’s Writing (Bloomington:
Indiana University Press, 1997), p. 5.
Françoise Lionnet, Postcolonial Representations: Women, Literature, Identity (Ithaca:
Cornell University Press, 1995), in particular pp. 2–4. Lionnet’s relational feminism
also bears comparison with Avtar Brah’s feminist ‘politics of intersectionality’.
Kadiatu Kanneh, African Identities: Race, Nation and Culture in Ethnography, PanAfricanism and Black Literatures (New York and London: Routledge, 1998), p. 154.
See Brah, Cartographies of Diaspora, p. 176; Gayatri Spivak, ‘French feminism in an
Postcolonial women writers in a transnational frame
: Routledge, 1998), pp. 62–4.
See Doreen Massey, ‘Imagining globalization’, in Avtar Brah, Mary J. Hickman
and Mairtin MacanGhaill (eds), Global Futures: Migration, Environment and
Globalization (Basingstoke: Macmillan, 1999), pp. 27–44.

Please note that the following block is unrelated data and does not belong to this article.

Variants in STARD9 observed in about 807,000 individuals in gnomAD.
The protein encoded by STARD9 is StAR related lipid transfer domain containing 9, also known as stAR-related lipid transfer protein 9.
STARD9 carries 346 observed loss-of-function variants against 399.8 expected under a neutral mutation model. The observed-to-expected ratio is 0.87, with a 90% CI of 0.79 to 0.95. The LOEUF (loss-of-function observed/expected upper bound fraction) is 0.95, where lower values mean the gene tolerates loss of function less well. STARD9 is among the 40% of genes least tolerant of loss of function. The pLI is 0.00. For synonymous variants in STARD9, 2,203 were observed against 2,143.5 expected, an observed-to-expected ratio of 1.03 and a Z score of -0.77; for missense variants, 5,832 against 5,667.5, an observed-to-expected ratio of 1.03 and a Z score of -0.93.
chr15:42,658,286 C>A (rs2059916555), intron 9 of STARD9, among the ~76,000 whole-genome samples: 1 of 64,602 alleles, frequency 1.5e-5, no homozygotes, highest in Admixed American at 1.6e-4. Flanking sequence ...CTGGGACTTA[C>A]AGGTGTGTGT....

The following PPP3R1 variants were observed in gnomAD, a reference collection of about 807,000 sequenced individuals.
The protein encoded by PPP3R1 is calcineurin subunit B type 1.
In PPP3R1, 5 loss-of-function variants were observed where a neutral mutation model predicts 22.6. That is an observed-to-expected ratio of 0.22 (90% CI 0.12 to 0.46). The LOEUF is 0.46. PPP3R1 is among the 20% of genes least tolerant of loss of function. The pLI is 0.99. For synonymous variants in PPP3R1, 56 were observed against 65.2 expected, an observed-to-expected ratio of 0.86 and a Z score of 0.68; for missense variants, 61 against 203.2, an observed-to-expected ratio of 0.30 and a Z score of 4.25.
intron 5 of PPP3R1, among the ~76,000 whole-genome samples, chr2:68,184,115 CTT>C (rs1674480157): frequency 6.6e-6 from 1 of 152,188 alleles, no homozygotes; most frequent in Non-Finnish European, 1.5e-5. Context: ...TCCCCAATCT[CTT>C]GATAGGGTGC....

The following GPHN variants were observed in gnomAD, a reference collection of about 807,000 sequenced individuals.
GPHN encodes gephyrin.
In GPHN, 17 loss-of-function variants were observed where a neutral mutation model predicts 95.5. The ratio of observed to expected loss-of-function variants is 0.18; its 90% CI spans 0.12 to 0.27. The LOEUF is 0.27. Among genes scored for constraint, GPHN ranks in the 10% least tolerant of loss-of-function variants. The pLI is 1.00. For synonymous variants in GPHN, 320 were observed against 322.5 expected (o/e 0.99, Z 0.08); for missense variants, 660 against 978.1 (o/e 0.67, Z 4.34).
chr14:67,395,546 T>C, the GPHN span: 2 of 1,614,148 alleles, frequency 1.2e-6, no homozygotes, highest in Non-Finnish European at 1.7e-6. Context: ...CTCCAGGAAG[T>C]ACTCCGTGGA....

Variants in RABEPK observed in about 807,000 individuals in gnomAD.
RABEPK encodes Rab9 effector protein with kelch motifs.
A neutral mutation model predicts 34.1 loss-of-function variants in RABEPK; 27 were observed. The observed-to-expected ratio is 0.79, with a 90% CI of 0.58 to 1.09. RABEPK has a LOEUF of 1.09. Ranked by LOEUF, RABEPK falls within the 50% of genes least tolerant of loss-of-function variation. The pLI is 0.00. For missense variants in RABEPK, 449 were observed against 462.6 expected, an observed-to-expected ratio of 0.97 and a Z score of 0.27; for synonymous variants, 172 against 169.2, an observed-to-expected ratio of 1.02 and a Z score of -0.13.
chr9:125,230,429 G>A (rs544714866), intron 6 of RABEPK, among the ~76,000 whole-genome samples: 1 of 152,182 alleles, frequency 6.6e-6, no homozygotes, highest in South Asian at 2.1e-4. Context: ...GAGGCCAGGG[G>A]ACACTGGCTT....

Françoise Lionnet, Postcolonial Representations: Women, Literature, Identity (Ithaca
and London: Cornell University Press, 1995), p. 2.
As Jon Mee, ‘After midnight: the Indian novel in English of the 80s and 90s’,
Postcolonial Studies, 1:1 (April 1998), 127–41, puts it, women writers strive to ‘have
their say’ about who constitutes the
The cartographic consciousness of Irish gothic fiction
, Gothic Ireland , pp. 182–90. Diane Long Hoeveler contested such views, querying attempts to read a Catholic agenda in The children of the abbey and, indeed, in female gothic as a whole; ‘Regina Maria Roche's The children of the abbey : contesting the Catholic presence in female gothic fiction’, Tulsa studies in women's literature , 31.1/2 (2012), 137–58.